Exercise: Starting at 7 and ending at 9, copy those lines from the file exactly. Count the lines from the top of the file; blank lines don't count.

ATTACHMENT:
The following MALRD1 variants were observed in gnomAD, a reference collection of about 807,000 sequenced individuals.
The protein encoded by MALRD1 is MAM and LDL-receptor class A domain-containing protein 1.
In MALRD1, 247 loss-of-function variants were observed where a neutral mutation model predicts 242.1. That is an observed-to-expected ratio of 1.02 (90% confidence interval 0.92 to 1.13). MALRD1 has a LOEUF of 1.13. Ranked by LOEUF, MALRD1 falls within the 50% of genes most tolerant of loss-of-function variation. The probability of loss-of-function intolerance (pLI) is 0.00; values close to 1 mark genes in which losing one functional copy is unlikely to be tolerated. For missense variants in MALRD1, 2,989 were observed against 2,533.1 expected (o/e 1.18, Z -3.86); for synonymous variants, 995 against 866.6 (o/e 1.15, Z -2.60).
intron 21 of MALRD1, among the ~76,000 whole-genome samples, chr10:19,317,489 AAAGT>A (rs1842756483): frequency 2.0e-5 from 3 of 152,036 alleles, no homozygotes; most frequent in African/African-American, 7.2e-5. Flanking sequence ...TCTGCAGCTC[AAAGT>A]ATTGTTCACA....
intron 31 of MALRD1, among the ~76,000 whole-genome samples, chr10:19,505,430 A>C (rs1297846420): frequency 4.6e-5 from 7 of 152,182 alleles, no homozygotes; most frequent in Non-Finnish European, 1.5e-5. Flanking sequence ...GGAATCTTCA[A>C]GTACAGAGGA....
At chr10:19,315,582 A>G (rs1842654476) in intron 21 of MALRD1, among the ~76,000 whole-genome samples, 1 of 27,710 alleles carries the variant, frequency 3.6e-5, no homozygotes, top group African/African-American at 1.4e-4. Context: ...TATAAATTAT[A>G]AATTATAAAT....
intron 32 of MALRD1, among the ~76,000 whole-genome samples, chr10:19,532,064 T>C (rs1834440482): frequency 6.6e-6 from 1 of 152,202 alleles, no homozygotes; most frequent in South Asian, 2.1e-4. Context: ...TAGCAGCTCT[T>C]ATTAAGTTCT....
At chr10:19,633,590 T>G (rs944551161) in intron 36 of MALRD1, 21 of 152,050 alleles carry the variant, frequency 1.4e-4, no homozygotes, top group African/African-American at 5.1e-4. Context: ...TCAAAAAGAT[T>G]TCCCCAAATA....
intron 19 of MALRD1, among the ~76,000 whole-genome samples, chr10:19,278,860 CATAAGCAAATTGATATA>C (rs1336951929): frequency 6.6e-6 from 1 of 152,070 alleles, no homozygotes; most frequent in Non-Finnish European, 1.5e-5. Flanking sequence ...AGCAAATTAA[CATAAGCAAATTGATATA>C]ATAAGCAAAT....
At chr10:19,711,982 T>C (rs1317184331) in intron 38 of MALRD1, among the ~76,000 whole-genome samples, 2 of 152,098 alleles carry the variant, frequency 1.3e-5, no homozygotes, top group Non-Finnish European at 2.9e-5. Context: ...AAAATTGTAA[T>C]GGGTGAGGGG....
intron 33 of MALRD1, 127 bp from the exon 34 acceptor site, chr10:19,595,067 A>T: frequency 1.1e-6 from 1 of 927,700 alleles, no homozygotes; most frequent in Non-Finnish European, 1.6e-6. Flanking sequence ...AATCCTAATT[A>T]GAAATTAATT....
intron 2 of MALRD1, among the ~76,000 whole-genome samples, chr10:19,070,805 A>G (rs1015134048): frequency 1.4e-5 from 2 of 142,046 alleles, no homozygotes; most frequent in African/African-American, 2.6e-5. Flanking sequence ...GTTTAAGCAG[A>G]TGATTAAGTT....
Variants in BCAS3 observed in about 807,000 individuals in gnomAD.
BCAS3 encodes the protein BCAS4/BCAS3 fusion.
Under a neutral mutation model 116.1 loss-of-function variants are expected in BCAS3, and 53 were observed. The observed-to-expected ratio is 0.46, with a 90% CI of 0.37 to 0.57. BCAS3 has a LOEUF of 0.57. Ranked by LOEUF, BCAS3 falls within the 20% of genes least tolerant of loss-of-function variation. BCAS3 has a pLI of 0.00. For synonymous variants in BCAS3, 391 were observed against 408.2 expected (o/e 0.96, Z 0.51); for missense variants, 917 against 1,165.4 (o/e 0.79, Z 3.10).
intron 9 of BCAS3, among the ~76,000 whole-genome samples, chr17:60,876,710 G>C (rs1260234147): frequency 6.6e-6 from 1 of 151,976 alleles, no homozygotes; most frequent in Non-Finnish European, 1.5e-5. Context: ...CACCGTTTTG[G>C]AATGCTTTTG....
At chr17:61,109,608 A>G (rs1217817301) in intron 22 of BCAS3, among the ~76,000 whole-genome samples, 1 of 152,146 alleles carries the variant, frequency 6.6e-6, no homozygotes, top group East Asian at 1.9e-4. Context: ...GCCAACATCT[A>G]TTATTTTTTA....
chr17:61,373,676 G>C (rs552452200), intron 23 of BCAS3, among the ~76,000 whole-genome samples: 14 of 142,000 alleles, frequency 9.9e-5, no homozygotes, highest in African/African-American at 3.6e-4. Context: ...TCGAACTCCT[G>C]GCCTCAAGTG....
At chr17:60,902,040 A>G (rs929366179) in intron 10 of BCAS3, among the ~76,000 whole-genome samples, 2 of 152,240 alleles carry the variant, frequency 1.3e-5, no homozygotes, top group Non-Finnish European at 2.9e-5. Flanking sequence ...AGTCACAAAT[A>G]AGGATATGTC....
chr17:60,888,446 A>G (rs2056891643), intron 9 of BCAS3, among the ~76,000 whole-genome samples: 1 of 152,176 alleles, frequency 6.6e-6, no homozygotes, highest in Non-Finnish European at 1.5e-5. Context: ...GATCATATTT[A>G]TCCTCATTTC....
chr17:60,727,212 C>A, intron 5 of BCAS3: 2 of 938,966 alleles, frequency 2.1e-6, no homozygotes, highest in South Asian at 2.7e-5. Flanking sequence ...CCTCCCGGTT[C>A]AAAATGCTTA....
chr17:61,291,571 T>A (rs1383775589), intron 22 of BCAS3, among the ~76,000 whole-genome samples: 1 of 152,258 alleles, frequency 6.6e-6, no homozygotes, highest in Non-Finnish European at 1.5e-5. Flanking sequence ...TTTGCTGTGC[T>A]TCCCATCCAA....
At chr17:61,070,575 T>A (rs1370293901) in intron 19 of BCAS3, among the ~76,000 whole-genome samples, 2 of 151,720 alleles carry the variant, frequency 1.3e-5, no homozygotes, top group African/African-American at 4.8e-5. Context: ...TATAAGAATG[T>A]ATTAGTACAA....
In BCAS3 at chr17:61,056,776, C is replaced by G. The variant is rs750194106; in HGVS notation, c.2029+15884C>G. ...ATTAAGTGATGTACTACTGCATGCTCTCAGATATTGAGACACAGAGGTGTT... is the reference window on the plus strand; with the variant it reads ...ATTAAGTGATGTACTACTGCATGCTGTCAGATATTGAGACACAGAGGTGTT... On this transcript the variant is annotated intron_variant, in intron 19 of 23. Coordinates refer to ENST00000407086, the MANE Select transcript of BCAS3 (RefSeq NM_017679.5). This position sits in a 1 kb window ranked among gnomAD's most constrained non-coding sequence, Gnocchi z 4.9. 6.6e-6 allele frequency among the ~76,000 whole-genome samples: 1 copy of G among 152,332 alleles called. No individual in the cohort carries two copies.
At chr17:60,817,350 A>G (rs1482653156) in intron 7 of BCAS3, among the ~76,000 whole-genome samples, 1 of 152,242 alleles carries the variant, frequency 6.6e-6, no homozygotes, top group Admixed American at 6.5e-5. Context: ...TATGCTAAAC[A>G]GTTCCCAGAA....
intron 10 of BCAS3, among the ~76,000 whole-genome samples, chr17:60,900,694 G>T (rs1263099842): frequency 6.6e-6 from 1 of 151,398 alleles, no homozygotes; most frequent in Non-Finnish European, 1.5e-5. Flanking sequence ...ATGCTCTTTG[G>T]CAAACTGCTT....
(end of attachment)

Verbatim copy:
intron 32 of MALRD1, among the ~76,000 whole-genome samples, chr10:19,532,064 T>C (rs1834440482): frequency 6.6e-6 from 1 of 152,202 alleles, no homozygotes; most frequent in South Asian, 2.1e-4. Context: ...TAGCAGCTCT[T>C]ATTAAGTTCT....
At chr10:19,633,590 T>G (rs944551161) in intron 36 of MALRD1, 21 of 152,050 alleles carry the variant, frequency 1.4e-4, no homozygotes, top group African/African-American at 5.1e-4. Context: ...TCAAAAAGAT[T>G]TCCCCAAATA....
intron 19 of MALRD1, among the ~76,000 whole-genome samples, chr10:19,278,860 CATAAGCAAATTGATATA>C (rs1336951929): frequency 6.6e-6 from 1 of 152,070 alleles, no homozygotes; most frequent in Non-Finnish European, 1.5e-5. Flanking sequence ...AGCAAATTAA[CATAAGCAAATTGATATA>C]ATAAGCAAAT....